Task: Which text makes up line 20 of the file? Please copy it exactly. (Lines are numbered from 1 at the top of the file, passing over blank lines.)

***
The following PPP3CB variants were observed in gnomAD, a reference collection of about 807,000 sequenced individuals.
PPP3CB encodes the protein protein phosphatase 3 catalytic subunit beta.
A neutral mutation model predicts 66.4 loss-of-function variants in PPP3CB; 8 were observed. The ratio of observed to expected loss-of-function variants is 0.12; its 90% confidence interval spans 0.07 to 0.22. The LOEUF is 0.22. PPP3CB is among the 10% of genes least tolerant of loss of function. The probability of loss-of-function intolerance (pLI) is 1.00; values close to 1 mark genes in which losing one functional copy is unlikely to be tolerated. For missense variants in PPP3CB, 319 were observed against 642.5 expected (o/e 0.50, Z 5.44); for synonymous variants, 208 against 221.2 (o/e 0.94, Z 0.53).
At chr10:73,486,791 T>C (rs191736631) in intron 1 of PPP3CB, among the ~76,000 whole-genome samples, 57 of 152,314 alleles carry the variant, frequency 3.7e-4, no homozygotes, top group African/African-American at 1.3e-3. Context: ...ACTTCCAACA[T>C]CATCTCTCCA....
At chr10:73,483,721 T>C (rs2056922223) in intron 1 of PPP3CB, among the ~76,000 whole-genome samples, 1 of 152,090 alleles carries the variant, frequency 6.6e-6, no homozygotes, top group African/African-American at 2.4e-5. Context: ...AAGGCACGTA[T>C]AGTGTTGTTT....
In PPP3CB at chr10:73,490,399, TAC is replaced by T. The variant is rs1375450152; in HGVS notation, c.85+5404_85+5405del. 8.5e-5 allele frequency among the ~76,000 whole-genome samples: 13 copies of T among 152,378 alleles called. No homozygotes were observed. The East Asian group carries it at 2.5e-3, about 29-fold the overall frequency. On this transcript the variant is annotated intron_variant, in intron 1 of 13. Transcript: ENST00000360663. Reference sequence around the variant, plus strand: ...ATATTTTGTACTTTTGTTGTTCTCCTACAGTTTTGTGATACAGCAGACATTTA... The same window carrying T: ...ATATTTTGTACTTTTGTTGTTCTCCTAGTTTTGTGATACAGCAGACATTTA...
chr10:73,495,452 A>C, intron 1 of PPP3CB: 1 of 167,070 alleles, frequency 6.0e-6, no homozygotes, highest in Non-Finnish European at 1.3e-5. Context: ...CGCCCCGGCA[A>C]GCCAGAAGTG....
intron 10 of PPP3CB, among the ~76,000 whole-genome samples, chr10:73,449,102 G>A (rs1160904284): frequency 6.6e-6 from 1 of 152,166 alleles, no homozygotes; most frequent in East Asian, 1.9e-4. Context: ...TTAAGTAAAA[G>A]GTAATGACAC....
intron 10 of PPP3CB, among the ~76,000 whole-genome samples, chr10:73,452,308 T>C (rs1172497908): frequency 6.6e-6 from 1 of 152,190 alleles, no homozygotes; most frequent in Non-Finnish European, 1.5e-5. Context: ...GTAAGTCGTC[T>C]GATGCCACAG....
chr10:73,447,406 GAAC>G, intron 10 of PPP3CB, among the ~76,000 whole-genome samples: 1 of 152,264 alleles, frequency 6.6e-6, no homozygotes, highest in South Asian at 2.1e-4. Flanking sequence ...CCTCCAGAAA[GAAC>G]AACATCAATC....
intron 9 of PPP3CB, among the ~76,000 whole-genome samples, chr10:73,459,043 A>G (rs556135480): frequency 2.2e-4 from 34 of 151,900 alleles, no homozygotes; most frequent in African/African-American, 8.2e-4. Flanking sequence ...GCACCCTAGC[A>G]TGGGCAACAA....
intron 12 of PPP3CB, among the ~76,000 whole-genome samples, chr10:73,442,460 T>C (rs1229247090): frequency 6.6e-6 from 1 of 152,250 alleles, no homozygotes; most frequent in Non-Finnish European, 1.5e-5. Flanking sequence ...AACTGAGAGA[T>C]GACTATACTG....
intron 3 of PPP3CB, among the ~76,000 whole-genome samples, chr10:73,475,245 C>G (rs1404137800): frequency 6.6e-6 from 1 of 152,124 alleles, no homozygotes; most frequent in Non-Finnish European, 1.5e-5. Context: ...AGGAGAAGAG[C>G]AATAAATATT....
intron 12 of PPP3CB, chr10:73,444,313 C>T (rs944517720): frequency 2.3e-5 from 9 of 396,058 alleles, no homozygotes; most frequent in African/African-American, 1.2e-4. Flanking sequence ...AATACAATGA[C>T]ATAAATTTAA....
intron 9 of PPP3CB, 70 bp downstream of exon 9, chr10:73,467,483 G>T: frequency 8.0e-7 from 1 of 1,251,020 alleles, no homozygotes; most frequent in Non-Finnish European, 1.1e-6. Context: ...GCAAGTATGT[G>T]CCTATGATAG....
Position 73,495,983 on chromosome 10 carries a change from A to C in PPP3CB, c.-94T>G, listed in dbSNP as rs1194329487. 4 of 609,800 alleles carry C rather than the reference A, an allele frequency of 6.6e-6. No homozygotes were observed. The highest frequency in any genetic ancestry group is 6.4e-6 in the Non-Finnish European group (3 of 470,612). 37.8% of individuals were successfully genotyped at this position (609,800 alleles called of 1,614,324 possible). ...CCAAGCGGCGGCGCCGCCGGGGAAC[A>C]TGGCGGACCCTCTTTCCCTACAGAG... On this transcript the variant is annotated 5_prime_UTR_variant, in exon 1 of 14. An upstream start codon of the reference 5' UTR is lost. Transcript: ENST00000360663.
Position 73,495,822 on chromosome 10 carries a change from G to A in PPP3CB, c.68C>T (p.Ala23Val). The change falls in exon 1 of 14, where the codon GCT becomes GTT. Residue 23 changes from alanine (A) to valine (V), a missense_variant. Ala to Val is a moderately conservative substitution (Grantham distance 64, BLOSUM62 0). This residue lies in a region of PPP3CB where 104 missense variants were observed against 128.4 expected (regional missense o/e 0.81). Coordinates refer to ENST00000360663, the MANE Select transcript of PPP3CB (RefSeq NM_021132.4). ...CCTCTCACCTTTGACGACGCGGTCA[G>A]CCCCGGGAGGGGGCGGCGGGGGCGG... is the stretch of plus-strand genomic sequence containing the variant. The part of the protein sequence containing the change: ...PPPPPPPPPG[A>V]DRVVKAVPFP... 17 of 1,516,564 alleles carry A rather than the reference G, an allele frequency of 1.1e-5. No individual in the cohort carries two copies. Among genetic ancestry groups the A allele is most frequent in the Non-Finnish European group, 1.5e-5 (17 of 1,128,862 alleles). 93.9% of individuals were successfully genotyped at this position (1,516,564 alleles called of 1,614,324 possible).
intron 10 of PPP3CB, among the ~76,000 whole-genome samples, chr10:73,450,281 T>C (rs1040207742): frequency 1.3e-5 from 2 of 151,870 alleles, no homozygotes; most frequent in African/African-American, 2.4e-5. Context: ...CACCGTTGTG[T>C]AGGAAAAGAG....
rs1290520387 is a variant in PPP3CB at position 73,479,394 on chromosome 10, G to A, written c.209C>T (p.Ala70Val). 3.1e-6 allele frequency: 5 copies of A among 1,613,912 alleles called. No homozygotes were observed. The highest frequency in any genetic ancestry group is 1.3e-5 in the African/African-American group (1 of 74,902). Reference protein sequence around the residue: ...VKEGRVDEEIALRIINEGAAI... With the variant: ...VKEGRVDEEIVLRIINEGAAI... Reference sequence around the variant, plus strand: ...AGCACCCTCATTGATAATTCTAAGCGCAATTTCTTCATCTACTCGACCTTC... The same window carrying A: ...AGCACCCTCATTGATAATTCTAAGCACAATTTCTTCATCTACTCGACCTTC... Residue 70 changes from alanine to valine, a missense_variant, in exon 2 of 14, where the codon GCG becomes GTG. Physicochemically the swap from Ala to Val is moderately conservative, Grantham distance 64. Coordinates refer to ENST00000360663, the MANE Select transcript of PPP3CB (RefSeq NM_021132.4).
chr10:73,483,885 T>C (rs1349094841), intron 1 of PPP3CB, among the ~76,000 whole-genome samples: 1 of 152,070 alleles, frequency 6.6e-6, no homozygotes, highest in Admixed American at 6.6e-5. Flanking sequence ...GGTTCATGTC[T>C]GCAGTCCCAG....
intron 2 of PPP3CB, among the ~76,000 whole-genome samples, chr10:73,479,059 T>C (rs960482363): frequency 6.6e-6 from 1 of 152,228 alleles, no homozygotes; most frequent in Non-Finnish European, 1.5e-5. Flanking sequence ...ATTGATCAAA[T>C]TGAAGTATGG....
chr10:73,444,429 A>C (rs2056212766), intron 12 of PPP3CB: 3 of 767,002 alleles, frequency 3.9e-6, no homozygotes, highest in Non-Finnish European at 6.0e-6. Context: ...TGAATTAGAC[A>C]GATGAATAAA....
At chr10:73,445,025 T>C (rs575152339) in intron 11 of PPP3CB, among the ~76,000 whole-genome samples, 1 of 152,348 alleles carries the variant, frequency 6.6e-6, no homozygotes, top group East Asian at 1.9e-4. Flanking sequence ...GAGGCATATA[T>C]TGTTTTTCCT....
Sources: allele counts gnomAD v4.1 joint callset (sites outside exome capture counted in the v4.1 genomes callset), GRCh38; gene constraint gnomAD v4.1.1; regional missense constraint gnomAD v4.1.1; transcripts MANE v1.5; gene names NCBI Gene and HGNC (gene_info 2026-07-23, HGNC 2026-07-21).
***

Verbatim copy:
chr10:73,483,885 T>C (rs1349094841), intron 1 of PPP3CB, among the ~76,000 whole-genome samples: 1 of 152,070 alleles, frequency 6.6e-6, no homozygotes, highest in Admixed American at 6.6e-5. Flanking sequence ...GGTTCATGTC[T>C]GCAGTCCCAG....